Creating work and sharing feedback with your clients in person is an important part of the creative process. A good working session allows you to take full advantage of a client’s subject matter expertise and to ask questions and refine your work in real time. Similarly, clients can learn more about the process, make the most of a tight project timeline, and ensure that everything is being considered in their redesign.
As the first point in the design process where clients will have a visual of a “real” site, wireframes present a prime opportunity for a working session. While they are visual, wireframes tread a fine line between abstract and concrete. This can be challenging to wrap your head around when you are not a user experience designer yourself. As such, the working session should be planned with care.
A good set of wireframes focuses on:
- Getting the right content on your pages, in the correct hierarchy
- Defining clear navigation schema and outlining interaction conventions
- Providing a clear guide for the visual designer to use for the basis of their work, without dictating to them
With this in mind, a working session should specifically be built around content and hierarchy. This will make the session more efficient and take the best advantage of the client’s knowledge. Here’s how you can master the process.
Before Your Working Session
- Ensure that you have a clear idea of both the site’s structure and the goals for the redesign. Review any strategic materials you have available. These might include personas, marketing research, and similar documents.
- Select the pages you’ll wireframe. Is your project an expansive site or a small one? Is the site task-oriented or is it focused on marketing? Identify which pages are most important to your project’s goals.
- Select which of these pages you’ll work on in your session. If you have a small, task-oriented site, you may wish to work on all of them; if it’s an expansive marketing site, consider picking just 2 or 3 high-level pages which the UX designer can work back into the entire system of pages afterwards. Ideally, you don’t want to work on more than 4 to 5 pages in one session in order to avoid burnout.
- Put together your team. Smaller working sessions are much easier to moderate than large ones. In addition to the UX designer who will be running the session, it’s useful to have someone familiar with the project’s strategy as well as your project manager. Have the client help you identify the most important people from their team to include based on the pages you have picked.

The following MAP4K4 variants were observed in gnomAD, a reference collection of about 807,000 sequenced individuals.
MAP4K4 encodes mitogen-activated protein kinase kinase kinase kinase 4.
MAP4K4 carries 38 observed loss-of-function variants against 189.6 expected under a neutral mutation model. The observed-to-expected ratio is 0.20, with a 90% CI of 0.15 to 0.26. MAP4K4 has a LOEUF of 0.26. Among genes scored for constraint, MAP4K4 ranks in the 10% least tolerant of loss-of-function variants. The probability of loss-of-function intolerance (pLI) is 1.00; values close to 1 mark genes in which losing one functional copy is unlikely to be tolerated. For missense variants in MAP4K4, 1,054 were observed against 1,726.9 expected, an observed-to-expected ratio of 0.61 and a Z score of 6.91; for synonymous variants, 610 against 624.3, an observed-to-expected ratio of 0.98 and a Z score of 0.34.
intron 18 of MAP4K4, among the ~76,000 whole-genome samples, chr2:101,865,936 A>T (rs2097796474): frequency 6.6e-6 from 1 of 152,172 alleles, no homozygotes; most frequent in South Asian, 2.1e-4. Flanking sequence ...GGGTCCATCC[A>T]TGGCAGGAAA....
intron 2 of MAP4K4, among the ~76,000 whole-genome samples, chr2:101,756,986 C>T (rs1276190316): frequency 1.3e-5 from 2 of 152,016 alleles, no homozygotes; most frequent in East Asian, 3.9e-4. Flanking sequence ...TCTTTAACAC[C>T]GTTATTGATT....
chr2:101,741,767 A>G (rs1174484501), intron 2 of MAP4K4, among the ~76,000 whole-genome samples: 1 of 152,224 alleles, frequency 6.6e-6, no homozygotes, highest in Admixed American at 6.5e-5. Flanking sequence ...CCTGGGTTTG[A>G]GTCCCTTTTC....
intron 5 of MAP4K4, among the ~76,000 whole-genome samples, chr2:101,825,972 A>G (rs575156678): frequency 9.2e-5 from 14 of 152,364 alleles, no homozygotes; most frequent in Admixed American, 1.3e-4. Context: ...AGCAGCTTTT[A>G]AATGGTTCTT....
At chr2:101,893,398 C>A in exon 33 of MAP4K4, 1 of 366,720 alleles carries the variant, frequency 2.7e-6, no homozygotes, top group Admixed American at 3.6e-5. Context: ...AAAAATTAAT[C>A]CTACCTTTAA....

- Prepare your materials. If you will have access to a good projector or external monitor, working in Axure or similar software is preferable to drawing on paper or a board. This will allow you to take clear notes directly on top of your work. Because content is going to be the focus of your session, it can be helpful to rough in a navigation scheme and consistent interface elements ahead of time.
During Your Working Session
- Explicitly state the expectations for the session upfront. Describe what you’ll be working on and why.
- Focus on what matters first. In the first part of the session, you need to ensure that the UX designer has enough information to work with to complete the deliverable afterwards, even if you don’t get to refine every single page. Go one wireframe at a time and, spending no more than 10 minutes on each, have the group describe the content that needs to be there. Rough it out. Don’t try to make it look good yet!
- Take a deep dive second. That’s the time for refining. While you can spend longer than 10 minutes, you should still set a time limit for each wireframe to avoid being bogged down. 20-30 minutes for each is a good maximum.
- Keep it moving. If you find the team is getting stuck on something, make a note and move on. Don’t waste your valuable time together—you should be building in time after the session to return to it.
What to Do After
Regardless of your project’s size, there should be time after the session for the UX designer to review the work that you’ve done with their expert eye. This will allow them to make adjustments and address any issues that you couldn’t work through in your session, and, if the project is a larger one, make sure these pages fit with the rest of the system. Have at least one more formal presentation with your client to review the work you’ve completed and ensure that any outstanding questions have been answered.
Why Working Sessions Matter
Remember, a single working session should never be a wholesale replacement for an iterative UX process; the true value is in incorporating the client’s knowledge. For this reason, working sessions are particularly well-suited to clients in highly specialized fields, or with extremely specific goals. Getting a chance to uncover needs and ask questions immediately means your wireframes will be more thorough—making your project more efficient as you avoid backtracking—and ensures that the client’s needs (and their prospects’) are met.
Ashley is a Senior Information Architect & UX Designer at iFactory. She is fond of creating detailed taxonomies for Evernote, sculpting tiny animals, and collecting exceedingly horrible jokes.